There was something like 275 entrants on bicycles, and 6 motos – so ideally, we would be spaced about 50 apart, but there was more of a concept than a reality.
As the bicycles streamed by, many of them thanking us for being there, we waited until a large group had passed and one of us would follow. I was about the 3rd to go – again, using my best judgement.
It was really a lot of fun, actually, and more mentally involving than I would have thought. If I went back to pick up another group, how far back should I go. If a group was in an area that seemed perilous due to the road or traffic, I would stay with them. Back and forth, and thinking all the time – with no way of knowing if the thinking was appropriate or utterly daft. If I saw a bike stopped, I would pull up next to them to ask if all was OK, and it always was, and then continue.
One interesting aspect of the first day was a construction zone. By prior arrangement, the bikes would be herded into groups of 30 to 50 and then led through the construction by a pilot car. The flag guy engaged me in a fun conversation which began with him asking me how far along we were. Of course, I had no real idea – probably half or so – anmd I explained to him my interpretation of what using my best judgement meant. I would find a small group of bikes that included an attractive woman and attempt to keep track pf relative positions by where she was, but I had to admit it was not working all that well.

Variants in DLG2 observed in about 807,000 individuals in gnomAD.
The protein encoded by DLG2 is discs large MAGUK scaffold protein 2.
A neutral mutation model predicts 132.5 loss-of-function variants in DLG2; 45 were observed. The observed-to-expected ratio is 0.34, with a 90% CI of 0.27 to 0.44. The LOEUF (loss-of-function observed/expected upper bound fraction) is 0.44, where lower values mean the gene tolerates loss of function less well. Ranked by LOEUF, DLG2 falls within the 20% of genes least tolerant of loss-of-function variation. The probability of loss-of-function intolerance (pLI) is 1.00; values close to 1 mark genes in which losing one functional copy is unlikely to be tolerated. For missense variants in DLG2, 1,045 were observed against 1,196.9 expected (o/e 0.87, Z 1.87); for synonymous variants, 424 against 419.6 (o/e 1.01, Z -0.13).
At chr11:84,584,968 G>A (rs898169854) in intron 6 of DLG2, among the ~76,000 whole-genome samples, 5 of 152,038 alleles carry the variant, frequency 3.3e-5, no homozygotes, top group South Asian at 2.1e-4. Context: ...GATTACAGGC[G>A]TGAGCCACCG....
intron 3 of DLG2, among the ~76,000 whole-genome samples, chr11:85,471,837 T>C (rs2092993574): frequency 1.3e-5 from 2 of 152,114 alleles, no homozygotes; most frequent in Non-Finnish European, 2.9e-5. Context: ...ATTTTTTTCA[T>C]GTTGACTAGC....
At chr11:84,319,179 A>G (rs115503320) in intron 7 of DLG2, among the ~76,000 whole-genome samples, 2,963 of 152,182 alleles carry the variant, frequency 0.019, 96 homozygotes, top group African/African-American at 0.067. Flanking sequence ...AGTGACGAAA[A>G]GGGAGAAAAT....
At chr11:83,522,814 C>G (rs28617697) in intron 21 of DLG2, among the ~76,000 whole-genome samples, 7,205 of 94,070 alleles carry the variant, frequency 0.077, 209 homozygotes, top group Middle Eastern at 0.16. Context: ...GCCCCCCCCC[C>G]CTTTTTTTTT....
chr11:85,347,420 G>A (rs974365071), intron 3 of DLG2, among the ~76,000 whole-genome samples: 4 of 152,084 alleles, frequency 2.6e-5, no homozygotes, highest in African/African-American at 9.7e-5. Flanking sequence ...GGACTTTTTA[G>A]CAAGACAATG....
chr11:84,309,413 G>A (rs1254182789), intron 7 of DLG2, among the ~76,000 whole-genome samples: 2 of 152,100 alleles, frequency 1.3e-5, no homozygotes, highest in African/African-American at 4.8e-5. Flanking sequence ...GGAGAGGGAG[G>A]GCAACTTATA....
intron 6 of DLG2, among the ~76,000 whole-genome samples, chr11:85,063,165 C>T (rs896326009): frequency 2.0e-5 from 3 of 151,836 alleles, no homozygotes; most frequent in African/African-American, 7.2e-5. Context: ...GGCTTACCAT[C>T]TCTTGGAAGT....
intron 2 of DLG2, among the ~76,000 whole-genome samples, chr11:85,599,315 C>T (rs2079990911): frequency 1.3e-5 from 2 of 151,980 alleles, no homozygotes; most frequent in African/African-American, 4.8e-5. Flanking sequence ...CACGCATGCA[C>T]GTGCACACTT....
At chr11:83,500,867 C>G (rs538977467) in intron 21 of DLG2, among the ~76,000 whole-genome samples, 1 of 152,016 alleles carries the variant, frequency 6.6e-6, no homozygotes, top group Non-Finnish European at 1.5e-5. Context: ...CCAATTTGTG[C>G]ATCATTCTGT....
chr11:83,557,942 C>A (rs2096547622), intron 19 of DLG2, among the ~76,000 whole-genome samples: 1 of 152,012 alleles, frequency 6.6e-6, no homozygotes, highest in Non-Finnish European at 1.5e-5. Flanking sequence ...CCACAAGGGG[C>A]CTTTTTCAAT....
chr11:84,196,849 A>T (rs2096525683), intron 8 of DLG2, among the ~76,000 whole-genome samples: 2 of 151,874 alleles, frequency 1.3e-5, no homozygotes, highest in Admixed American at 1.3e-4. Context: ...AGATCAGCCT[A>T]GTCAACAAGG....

A few seconds later an attractive woman rode by to join the group waiting in front of me and I said “Like that.”
He laughed and replied “Yeah, I got it., but nice example. He then regaled me with great stories of the adventures and perils of doing flag work. I was almost sad when I had to leave.
Occasionally there would be a rest area or lunch break, each one staffed and catered by one or more Rotary clubs. The bicyclists needed a lot of liquids and food for their efforts, and so just to fit in…
I also enjoyed great chats with really interesting people… like the architect who used to ride Triumphs and also rowed for the University of Washington and was familiar with the book The Boys in the Boat, and the woman who rode a Triumph 650 years ago (way ahead of her time!) before earning her pilot’s license and moving on to marriage and motherhood.